American Politics and Cybersecurity: The Origin Storyhttps://www.cybervista.net/wp-content/uploads/2019/04/BLOG_Joe-Podesta-1.png864486CyberVistaCyberVistahttps://www.cybervista.net/wp-content/uploads/2019/04/BLOG_Joe-Podesta-1.png
American Politics and Cybersecurity: The Origin Story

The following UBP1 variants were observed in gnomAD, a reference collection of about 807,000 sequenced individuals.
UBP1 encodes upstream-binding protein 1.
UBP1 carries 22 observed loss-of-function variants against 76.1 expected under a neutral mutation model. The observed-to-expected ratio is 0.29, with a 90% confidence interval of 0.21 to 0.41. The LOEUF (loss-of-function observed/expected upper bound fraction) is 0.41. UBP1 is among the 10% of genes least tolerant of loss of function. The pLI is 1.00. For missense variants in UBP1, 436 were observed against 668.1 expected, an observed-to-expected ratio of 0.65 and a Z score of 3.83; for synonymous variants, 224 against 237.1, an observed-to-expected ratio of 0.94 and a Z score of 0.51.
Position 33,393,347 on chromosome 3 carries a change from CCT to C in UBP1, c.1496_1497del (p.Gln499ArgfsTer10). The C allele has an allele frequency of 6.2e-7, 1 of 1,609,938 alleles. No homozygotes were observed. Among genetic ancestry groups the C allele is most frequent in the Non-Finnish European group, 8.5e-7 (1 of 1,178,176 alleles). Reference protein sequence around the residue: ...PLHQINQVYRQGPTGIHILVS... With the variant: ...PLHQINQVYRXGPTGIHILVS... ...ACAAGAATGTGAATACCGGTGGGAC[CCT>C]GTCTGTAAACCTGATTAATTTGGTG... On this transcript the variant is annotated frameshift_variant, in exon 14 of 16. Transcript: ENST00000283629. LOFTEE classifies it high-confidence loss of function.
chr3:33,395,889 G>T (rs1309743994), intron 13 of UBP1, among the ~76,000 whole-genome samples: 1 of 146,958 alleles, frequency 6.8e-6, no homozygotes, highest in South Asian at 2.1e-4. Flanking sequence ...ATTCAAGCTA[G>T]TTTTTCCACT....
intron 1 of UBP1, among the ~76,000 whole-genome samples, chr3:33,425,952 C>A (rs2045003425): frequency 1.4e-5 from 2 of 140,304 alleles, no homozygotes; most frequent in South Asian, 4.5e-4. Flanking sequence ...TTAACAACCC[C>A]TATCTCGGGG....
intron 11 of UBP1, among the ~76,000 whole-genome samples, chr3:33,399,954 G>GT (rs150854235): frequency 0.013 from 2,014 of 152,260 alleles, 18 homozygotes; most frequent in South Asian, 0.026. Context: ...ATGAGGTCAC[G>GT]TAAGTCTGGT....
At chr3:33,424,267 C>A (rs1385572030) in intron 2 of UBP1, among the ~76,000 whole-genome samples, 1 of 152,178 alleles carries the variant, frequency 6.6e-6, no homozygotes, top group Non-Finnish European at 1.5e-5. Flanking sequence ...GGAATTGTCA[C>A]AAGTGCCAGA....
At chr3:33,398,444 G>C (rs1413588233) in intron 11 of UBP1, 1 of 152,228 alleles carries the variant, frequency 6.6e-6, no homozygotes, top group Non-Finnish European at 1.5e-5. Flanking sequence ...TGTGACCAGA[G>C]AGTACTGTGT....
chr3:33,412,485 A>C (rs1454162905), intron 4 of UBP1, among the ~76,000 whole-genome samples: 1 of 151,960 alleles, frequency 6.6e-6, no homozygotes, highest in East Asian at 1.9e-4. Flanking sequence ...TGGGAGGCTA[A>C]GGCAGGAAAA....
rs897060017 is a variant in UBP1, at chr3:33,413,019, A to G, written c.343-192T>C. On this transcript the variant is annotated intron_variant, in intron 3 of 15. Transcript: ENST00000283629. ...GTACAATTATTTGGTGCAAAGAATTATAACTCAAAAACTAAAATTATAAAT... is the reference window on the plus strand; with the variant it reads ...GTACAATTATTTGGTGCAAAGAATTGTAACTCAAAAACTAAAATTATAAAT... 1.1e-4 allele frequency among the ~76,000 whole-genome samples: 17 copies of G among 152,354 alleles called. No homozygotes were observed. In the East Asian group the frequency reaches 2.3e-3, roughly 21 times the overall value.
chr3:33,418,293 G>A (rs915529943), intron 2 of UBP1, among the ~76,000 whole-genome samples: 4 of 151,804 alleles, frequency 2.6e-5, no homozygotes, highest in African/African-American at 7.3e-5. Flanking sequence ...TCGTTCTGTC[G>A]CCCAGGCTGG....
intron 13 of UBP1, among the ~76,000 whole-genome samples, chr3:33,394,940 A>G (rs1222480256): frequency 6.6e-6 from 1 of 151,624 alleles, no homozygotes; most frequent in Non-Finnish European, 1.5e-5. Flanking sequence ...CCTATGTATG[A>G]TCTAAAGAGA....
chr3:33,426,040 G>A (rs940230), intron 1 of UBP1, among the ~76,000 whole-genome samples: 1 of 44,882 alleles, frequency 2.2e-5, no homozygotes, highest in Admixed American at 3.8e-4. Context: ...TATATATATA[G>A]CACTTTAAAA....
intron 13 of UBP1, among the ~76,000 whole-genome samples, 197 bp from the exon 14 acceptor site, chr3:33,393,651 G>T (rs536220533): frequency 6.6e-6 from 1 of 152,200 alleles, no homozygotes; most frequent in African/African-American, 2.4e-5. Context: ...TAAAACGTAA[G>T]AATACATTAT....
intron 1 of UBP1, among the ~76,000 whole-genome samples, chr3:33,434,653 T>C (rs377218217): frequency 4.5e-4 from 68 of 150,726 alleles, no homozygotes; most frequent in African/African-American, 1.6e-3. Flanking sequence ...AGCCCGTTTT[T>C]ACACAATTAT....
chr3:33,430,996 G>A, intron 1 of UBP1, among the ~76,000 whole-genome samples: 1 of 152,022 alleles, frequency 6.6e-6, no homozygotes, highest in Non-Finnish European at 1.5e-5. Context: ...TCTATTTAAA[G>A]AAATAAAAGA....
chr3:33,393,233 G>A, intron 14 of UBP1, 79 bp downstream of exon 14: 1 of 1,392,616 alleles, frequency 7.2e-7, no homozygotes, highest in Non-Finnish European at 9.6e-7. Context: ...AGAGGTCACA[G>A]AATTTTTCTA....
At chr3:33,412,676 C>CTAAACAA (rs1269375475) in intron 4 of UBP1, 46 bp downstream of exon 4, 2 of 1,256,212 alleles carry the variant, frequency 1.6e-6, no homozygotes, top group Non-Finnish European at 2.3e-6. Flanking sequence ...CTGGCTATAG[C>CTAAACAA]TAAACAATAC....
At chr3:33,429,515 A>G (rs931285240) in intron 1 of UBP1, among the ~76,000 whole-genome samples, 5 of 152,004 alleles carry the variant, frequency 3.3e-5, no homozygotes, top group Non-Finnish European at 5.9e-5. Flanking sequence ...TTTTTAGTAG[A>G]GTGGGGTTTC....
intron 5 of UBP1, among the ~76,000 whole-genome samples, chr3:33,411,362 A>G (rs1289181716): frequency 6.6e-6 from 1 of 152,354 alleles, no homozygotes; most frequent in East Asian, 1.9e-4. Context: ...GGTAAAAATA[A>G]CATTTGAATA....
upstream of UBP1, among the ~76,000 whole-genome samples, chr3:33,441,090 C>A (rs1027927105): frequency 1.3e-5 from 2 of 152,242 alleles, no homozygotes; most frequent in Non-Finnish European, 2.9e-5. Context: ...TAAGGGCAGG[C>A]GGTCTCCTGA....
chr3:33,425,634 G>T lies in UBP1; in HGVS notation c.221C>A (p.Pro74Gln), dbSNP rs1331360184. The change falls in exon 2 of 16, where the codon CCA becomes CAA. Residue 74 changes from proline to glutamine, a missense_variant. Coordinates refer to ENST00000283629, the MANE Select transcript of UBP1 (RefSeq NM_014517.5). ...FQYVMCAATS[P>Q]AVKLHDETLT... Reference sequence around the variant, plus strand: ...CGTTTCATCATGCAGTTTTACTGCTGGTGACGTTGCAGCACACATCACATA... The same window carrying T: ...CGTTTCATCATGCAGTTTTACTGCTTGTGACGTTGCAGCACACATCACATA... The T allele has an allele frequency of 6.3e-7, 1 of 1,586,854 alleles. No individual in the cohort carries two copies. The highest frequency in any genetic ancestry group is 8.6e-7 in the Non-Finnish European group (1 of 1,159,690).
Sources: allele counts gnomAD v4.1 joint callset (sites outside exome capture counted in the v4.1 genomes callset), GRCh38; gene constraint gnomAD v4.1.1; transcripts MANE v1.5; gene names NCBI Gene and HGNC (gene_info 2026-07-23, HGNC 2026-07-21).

When Senator Kamala Harris announced her 2020 Presidential bid, she took aim at the current Administration, claiming that foreign powers are “infecting the White House like malware.” The comments were significant, not only for the Harris campaign, but also for cybersecurity. It signals a shift for cybersecurity from overlooked server rooms into mainstream lexicon, propelled by political rhetoric. It’s not surprising that cybersecurity has found a home in politics. The 2016 Presidential election was scarred by digital manipulation, theft, and leaks. One of the most infamous political cyber incidents was the email hack of candidate Clinton’s Campaign Chairman, John Podesta. Podesta was the victim of a spear phishing email, which is a targeted, personalized email attack that tricks victims into clicking a malicious link or taking an action that allows the attacker to steal information. Podesta received the spear phishing email in March of 2016. The email, below, revealed a somewhat sophisticated social engineering attack that urged Podesta to change his password “immediately” because someone else used his credentials to log into his Gmail account. The attackers, later to be revealed as Fancy Bear, an infamous Russian-based hacking group, spoofed their identity and included a link for Podesta to reset his password. The link itself features a common strategy used by social engineers: a shortened URL, using the service Bitly. This helps attackers obscure a malicious link. The story takes an interesting twist from here. Podesta himself did everything right. He did not click on the malicious link. He instead forwarded the email to his staff, who then sent it along to a security team. After investigation, the security team thought that the email was a legitimate alert, and urged Podesta to change his email address. To their credit, they passed along a safe credential change link and instructions, directing Podesta to the official Google homepage. The fatal error was in the next, and final, line of communication. When Podesta’s staff sent back to him the security team’s recommendation, instead of directing him to an official Google site, they sent him the original email’s malicious link. Podesta clicked and then entered his credentials into a site under the Fancy Bear domain. Fancy Bear harvested his credentials, gained access to his personal gmail account which led to the release of hundreds of personal and work-related emails, and influenced an American presidential election. It’s not unreasonable to be surprised that the Podesta team didn’t have a response plan for these types of social engineering attacks. As a prominent figure in a modern election, any forward thinking staff member may have recognized the potential for Podesta to be targeted. What was also curious was the multiple lines of communication that ultimately obscured the security team’s instructions to Podesta. When the stakes are high, the security team ought to have a direct line of communication to the asset they are protecting. As the 2020 election accelerates, expect a renewed focus on cybersecurity. Candidates ought to make it a focal point, both in policy and practice.